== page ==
The missed maxillary sinus ostium syndrome.
The polypoid tissue was removed from the left middle meatus with a microdebrider (figure 1, A). It was originating from the area of the anterior ethmoid. A well-healed, previously performed middle meatal antrostomy was seen in the posterior meatal wall of the left middle meatus (figure 1, B). The anterior and inferior uncinate remnants of the previous operation were removed. A distinct, oval-shaped natural maxillary sinus ostium was located just anterior to the surgically created ostium. Polypoid tissue could be seen anteriorly through the natural ostium. This finding represented a case of a "missed maxillary sinus ostium." The two ostia were then joined with a micrcodebrider (figure 1, C and D) to eliminate mucus reeirculation. A polypoid mass was removed from the left maxillary sinus. Postoperatively, the revised left maxillary antrostomy remained patent and was well epithelialized. At the 6-month follow-up, the patient was symptom-free (figure 2).
[FIGURE 1-2 OMITTED]
In the maxillary sinus, secretion transport originates in the floor of the sinus in a stellate pattern. The mucus is transported along the anterior, medial, posterior, and lateral walls of the sinuses and along the roof. All these secretion routes converge at the natural ostium of the maxillary sinus. When the secretions have passed through the maxillary sinus ostium, they are transported into the narrow ethmoid infundibulum. Here, maxillary sinus secretions join with those from the frontal and anterior ethmoid sinuses and pass toward the nasopharynx. (1) When the natural maxillary sinus ostium is missed, the so-called recirculation phenomenon of the maxillary sinus develops. Upon closer examination with a 0[degrees] or 30[degrees] telescope, the mucus will be seen originating in the area of the natural ostium of the maxillary sinus and flowing back into the maxillary sinus via a surgically created middle meatal window. (1) This can predispose the patient to postnasal discharge, nasal obstruction, and persistent or recurrent sinus disease.
In the traditional anterior-to-posterior uncinectomy described by Messerklinger, an anterior inferior uncinate remnant may remain. This remnant can hide the natural ostium of the maxillary sinus and cause it to be missed. This series of events is what Parsons et al called the "missed ostium sequence." (2) When performing revision endoscopic sinus surgery, the surgeon might find that the previous middle mental antrostomy had been placed at the wrong location. (3)
The retrograde uncinectomy approach has been reported to be safe and efficient for identifying the natural ostium of the maxillary sinus during a middle meatal antrostomy. (4,5) In this approach, the posterior edge of the uncinate process is identified, and a retrograde uncinate window is made with a small backbiting forceps. The window is enlarged with a microdebrider, and a complete uncinectomy is performed, including removal of the anterior and inferior uncinate remnants. (5)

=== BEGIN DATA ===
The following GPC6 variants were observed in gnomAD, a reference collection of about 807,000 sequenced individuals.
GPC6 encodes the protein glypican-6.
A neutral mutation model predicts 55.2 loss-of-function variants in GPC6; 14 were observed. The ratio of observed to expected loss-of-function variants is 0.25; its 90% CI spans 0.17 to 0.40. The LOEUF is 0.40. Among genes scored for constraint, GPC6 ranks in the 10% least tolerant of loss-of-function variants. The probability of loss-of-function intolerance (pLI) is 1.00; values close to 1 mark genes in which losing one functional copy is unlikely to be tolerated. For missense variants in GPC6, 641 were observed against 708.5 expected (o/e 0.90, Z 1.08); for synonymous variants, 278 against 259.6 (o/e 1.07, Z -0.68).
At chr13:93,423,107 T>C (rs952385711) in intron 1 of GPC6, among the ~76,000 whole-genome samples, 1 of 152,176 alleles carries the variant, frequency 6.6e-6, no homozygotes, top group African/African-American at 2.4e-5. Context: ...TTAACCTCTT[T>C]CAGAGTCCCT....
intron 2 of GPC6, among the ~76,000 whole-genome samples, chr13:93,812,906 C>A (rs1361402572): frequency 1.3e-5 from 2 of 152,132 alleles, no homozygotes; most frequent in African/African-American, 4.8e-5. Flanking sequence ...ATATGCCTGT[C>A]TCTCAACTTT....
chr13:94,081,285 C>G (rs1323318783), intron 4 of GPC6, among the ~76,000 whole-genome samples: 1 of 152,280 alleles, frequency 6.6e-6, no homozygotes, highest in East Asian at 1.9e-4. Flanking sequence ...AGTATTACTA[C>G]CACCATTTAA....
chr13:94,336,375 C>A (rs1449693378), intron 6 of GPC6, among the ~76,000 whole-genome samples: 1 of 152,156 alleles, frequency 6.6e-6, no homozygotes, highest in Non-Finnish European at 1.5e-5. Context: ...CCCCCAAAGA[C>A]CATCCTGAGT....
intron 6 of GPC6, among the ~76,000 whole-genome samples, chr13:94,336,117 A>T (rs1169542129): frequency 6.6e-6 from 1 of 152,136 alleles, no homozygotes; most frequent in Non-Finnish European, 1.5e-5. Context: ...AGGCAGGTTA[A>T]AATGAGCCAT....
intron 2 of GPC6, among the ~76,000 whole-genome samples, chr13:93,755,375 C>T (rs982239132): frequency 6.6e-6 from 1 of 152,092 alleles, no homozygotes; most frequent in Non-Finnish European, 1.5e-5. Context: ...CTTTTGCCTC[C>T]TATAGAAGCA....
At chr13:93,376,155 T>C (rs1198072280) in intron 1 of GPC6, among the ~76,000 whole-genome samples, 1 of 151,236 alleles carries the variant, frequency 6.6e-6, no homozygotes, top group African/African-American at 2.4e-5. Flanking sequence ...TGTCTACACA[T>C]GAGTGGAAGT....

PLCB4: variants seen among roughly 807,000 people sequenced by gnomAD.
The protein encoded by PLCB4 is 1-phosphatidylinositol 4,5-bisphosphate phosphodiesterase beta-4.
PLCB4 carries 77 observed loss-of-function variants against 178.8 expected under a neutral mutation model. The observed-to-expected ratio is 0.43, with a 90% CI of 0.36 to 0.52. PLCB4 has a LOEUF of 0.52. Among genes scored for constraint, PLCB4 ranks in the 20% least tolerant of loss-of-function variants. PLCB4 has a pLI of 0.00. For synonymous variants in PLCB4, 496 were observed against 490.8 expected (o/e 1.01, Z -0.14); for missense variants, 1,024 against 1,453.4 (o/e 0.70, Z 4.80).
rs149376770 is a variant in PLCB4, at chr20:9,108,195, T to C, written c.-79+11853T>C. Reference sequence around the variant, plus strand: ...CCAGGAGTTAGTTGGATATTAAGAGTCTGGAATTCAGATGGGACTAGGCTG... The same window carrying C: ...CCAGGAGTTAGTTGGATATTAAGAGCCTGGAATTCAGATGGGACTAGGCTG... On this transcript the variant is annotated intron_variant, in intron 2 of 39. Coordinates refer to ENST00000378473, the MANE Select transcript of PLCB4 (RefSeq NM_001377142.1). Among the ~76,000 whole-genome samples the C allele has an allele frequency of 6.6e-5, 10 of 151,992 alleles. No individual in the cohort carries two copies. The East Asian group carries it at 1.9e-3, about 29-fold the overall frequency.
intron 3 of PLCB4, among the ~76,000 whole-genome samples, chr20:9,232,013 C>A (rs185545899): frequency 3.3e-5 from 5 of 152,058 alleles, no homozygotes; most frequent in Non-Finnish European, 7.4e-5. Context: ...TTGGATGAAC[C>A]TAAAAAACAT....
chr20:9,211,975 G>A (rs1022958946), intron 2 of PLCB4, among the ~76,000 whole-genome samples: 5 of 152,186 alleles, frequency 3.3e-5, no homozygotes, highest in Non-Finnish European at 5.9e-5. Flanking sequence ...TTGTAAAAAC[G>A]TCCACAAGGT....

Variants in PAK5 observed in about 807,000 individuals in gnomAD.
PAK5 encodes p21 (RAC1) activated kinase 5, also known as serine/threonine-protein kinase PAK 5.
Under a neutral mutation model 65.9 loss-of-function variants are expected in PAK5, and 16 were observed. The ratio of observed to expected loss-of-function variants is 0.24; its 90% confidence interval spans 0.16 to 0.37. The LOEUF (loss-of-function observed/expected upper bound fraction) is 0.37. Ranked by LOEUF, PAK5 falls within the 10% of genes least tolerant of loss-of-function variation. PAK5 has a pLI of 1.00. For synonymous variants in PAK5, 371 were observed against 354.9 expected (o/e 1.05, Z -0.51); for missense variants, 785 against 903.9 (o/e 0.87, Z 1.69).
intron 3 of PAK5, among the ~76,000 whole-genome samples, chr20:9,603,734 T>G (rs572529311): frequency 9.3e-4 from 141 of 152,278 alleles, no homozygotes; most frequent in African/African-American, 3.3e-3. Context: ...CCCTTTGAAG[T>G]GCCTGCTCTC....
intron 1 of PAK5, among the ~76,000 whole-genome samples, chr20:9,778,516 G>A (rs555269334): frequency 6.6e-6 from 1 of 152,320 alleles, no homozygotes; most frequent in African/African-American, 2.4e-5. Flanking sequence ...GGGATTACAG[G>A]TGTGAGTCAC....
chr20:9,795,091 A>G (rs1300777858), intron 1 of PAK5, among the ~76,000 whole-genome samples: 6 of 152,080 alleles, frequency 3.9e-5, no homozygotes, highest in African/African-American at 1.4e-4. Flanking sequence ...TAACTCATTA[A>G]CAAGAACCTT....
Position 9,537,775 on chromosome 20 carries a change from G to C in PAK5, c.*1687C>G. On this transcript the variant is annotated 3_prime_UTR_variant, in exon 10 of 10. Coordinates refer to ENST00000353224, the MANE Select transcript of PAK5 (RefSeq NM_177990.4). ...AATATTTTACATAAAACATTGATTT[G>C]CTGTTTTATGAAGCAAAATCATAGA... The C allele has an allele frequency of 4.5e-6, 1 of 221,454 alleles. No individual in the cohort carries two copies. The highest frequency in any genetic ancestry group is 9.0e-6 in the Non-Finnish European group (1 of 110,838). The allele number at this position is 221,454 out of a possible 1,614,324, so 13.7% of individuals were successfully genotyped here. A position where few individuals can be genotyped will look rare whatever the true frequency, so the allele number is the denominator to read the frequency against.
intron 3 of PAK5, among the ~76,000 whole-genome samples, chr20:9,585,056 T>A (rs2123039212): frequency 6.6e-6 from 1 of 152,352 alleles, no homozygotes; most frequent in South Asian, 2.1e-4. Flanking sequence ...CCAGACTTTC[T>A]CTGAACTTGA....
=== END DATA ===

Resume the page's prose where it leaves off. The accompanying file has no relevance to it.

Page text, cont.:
When patients complain of recurrent sinusitis following endoscopic sinus surgery, the recirculation phenomenon in the maxillary sinus may be the cause. When the missed maxillary sinus ostium syndrome is recognized, endoscopic surgery to connect the natural maxillary ostium with the surgically created middle meatal window may remedy the condition.
(1.) Yanagisawa E. Atlas of Rhinoscopy: Endoscopic Sinonasal Anatomy and Pathology. San Diego: Singular Thomson Learning. 2000.
(2.) Parsons DS, Stivers FE, Talbot AR. The missed ostium sequence and the surgical approach to revision functional endoscopic sinus surgery. Otolaryngol Clin North Am 1996;29:169-83.
(3.) Owen RG, Kuhn FA. The maxillary sinus ostium: Demystifying middle meatal antrostomy. Am J Rhinol 1995;9:313-20.
(4.) Setliff RC III. The hammer: A remedy for apprehension in functional endoscopic sinus surgery. Otolaryngol Clin North Am 1996;29:95-104.
(5.) Christmas DA, Yanagisawa E, Joe JK. Transnasal endoscopic identification of the natural ostium of the maxillary sinus: A retrograde approach. Ear Nosc Throat J 1998;77:454-5.
From the Department of Otolaryngology, University of South Florida College of Medicine, Tampa, and the Halifax Medical Center, Daytona Beach, Fla. (Dr. Christmas and Dr. Mirante), and the Section of Otolaryngology, Hospital of St. Raphael, New Haven, Conn., and the Section of Otolaryngology, Yale University School of Medicine. New Haven (Dr. Yanagisawa).
|Printer friendly Cite/link Email Feedback|
|Title Annotation:||Rhinoscopic Clinic|
|Publication:||Ear, Nose and Throat Journal|
|Date:||Aug 1, 2003|
|Previous Article:||Traumatic perforation: spontaneous healing after 3 months.|
|Next Article:||Conservative treatment of an obstructing vocal fold granuloma.|